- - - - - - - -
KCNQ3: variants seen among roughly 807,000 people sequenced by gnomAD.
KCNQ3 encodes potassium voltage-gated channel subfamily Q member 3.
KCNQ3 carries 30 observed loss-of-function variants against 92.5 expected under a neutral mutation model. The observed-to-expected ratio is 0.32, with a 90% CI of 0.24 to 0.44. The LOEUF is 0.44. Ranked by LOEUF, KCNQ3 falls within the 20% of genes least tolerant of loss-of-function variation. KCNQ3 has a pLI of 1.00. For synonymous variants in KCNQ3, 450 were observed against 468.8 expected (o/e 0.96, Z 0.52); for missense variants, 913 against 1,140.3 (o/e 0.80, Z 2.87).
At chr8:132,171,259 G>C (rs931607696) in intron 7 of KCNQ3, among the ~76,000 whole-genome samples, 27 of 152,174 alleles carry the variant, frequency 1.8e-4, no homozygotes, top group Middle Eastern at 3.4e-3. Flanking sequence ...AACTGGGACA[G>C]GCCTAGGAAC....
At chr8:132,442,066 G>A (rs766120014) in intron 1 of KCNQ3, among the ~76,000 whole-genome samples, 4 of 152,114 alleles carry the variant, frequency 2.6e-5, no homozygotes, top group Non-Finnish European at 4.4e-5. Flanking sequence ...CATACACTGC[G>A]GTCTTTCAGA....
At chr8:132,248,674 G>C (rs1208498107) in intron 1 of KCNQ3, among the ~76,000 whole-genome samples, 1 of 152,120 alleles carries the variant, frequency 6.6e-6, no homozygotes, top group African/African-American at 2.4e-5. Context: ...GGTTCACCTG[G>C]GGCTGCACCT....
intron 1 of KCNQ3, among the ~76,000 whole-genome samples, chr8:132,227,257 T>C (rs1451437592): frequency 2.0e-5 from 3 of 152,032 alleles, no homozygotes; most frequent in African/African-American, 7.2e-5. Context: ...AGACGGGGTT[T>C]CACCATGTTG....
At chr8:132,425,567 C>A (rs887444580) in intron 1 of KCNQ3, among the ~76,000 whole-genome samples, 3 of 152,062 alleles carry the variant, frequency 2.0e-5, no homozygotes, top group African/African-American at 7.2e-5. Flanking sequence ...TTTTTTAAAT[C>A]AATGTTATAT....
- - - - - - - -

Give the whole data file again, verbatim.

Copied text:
KCNQ3: variants seen among roughly 807,000 people sequenced by gnomAD.
KCNQ3 encodes potassium voltage-gated channel subfamily Q member 3.
KCNQ3 carries 30 observed loss-of-function variants against 92.5 expected under a neutral mutation model. The observed-to-expected ratio is 0.32, with a 90% CI of 0.24 to 0.44. The LOEUF is 0.44. Ranked by LOEUF, KCNQ3 falls within the 20% of genes least tolerant of loss-of-function variation. KCNQ3 has a pLI of 1.00. For synonymous variants in KCNQ3, 450 were observed against 468.8 expected (o/e 0.96, Z 0.52); for missense variants, 913 against 1,140.3 (o/e 0.80, Z 2.87).
At chr8:132,171,259 G>C (rs931607696) in intron 7 of KCNQ3, among the ~76,000 whole-genome samples, 27 of 152,174 alleles carry the variant, frequency 1.8e-4, no homozygotes, top group Middle Eastern at 3.4e-3. Flanking sequence ...AACTGGGACA[G>C]GCCTAGGAAC....
At chr8:132,442,066 G>A (rs766120014) in intron 1 of KCNQ3, among the ~76,000 whole-genome samples, 4 of 152,114 alleles carry the variant, frequency 2.6e-5, no homozygotes, top group Non-Finnish European at 4.4e-5. Flanking sequence ...CATACACTGC[G>A]GTCTTTCAGA....
At chr8:132,248,674 G>C (rs1208498107) in intron 1 of KCNQ3, among the ~76,000 whole-genome samples, 1 of 152,120 alleles carries the variant, frequency 6.6e-6, no homozygotes, top group African/African-American at 2.4e-5. Context: ...GGTTCACCTG[G>C]GGCTGCACCT....
intron 1 of KCNQ3, among the ~76,000 whole-genome samples, chr8:132,227,257 T>C (rs1451437592): frequency 2.0e-5 from 3 of 152,032 alleles, no homozygotes; most frequent in African/African-American, 7.2e-5. Context: ...AGACGGGGTT[T>C]CACCATGTTG....
At chr8:132,425,567 C>A (rs887444580) in intron 1 of KCNQ3, among the ~76,000 whole-genome samples, 3 of 152,062 alleles carry the variant, frequency 2.0e-5, no homozygotes, top group African/African-American at 7.2e-5. Flanking sequence ...TTTTTTAAAT[C>A]AATGTTATAT....